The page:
Maximum convergence = 20°.
Each attachment system was secured into the implant replicas on the acrylic resin model and the overdentures with the corresponding housing were subsequently placed on it and tightened to 35 Ncm [Figure 3]a-f.
|Figure 3: (a-c) Ball attachment, bar attachment, and Locator® attachment secured on to the implant replica on the acrylic resin model. (d-f) Acrylic resin overdenture with the o-ring housing for ball attachment, nylon ryder for the bar attachment, and the Locator male blue insert|
Click here to view
Acrylic overdentures with respective attachment systems were placed on the acrylic edentulous mandibular models.
Metallic clips were attached to the dentures and secured with clear autopolymerized acrylic resin (DPI Cold Cure, Clear, DPI, Mumbai, Maharashtra, India).
The edentulous acrylic model was secured in place using a surveyor table [Figure 4].
|Figure 4: Edentulous mandibular acrylic resin model and overdenture with clips attached secured in place using a surveyor table|
Click here to view
Retention force testing before thermocycling
With the UTM (Instron 5567 compression tension tensile meter), each of the models were subjected to 100 pulls each to dislodge the overdenture from the acrylic model, and the force values as indicated on the digital indicator were tabulated [Figure 5] and [Figure 6]. The dislodging force was applied in a vertical direction in the center of the acrylic block joining the two metallic clamps holding the overdenture with the UTM operating at a crosshead speed of 2 mm/30 ms. The readings were taken from the start of the test.
|Figure 5: Universal testing machine - Instron 5567 compression tension tensile meter used to dislodge the overdentures from the models|
Click here to view
All the overdentures with the attachments placed on the edentulous models were subjected to manual thermocycling using S-U-Polytubs; one maintained at 5 ± 1° and other at 55 ± 1° [Figure 7]. The test samples were subjected to a total of 5000 cycles with each cycle equivalent to 30 s of dwell time in each temperature controlled tub with a transfer time of 10 s, with 5000 thermal cycles being equivalent to 6 months of service in the oral cavity.  None of the samples failed.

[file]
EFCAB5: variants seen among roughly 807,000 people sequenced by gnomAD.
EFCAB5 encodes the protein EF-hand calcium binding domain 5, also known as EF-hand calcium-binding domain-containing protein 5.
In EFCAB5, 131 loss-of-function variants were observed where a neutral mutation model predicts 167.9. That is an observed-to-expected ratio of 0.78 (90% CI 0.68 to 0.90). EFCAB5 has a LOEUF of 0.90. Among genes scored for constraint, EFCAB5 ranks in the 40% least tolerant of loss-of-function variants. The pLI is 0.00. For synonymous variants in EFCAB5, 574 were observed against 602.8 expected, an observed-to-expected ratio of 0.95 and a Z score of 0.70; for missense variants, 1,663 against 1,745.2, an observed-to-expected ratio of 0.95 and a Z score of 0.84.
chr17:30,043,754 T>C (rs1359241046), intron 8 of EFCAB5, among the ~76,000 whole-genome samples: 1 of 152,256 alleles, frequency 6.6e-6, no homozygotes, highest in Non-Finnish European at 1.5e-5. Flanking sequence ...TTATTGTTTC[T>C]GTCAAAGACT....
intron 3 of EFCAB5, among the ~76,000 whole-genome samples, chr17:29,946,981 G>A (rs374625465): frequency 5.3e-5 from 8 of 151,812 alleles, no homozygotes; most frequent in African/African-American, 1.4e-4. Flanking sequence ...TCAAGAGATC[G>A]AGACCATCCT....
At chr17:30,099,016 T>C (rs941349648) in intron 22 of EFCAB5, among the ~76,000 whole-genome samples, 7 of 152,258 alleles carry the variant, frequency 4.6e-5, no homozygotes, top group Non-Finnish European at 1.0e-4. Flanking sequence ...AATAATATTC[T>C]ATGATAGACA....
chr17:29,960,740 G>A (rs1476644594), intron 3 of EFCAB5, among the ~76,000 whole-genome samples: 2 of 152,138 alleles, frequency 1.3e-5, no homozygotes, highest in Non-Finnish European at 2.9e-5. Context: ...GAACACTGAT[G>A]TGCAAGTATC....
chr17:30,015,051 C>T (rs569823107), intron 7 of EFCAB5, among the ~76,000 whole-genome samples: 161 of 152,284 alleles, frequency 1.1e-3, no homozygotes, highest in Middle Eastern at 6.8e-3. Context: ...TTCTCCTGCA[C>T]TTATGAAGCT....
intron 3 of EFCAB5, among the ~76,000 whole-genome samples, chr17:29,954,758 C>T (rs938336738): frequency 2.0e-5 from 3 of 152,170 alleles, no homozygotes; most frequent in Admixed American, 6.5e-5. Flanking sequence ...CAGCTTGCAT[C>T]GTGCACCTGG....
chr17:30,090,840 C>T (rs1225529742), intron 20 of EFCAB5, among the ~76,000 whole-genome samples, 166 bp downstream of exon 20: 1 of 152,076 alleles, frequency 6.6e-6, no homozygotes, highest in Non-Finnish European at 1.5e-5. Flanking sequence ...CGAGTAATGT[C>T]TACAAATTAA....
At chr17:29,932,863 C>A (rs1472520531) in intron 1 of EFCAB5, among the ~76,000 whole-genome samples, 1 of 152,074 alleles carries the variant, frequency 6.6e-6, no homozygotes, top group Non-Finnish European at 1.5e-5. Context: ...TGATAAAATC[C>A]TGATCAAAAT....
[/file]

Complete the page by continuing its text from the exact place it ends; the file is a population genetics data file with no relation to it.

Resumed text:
|Figure 7: Manual thermocycling unit S-U-Polytub, Schuler Dental, Germany|
Click here to view
Retention force testing after thermocycling
Each of the models was again subjected to 100 pulls each to dislodge the overdenture from the acrylic model and the force values as indicated on the digital indicator were tabulated.
| Results|| |
The Kolmogorov-Smirnov tests for normality revealed no normal distribution (P < 0.05) for the data; thus, normal distribution was not assumed.
Comparison of the repeated measures was performed using Friedman's test showing a statistically significant decrease in concentration.
In Group 1, χ2 (1) =30.556, P < 0.001. Post-hoc analysis with Wilcoxon signed-rank test was conducted with a Bonferroni correction applied, resulting in a significance level set at P < 0.001. The mean concentration (± standard deviation [SD]) was 56.26 (9.77) at baseline, 51.30 (5.08) at after thermocycling (AT). A significant decrease was seen between AT and baseline (Z = −5.969, P < 0.001) after the completion of 5000 thermal cycles [Table 1], [Table 2], [Table 3], [Table 4] and [Table 5].
In Group 2, χ2 (1) =45.343, P < 0.001. Post-hoc analysis with Wilcoxon signed-rank test was conducted with a Bonferroni correction applied, resulting in a significance level set at P < 0.001. The mean concentration (±SD) was 70.66 (12.09) at baseline, 65.18 (10.89) at AT. A significant decrease was seen between AT and baseline (Z = −7.728, P < 0.001) [Table 1], [Table 2], [Table 3], [Table 4] and [Table 5].
In Group 3, χ2 (1) =17.640, P < 0.001. Post-hoc analysis with Wilcoxon signed-rank test was conducted with a Bonferroni correction applied, resulting in a significance level set at P < 0.001. The mean concentration (±SD) was 41.72 (6.53) at baseline, 36.74 (9.32) at AT. A significant decrease was seen between AT and baseline (Z = −4.446, P < 0.001) [Table 1], [Table 2], [Table 3], [Table 4] and [Table 5].
The bar and clip attachment showed the highest mean retentive force of 70.66 N and 65.18 N before and AT, respectively. The maximum retentive force was exhibited by the bar and clip attachment, 82.3 N (cycle no. 56); followed by Locator ® attachment, 66.7 N (cycle no. 41); and ball/o-ring attachment, 65.4 N (cycle no. 13). A decrease in the retention force was observed in all the three attachment systems after subjecting them to thermal cycles and this decrease was found to be statistically significant (P < 0.05).
The results obtained are summarized in [Table 6].
| Discussion|| |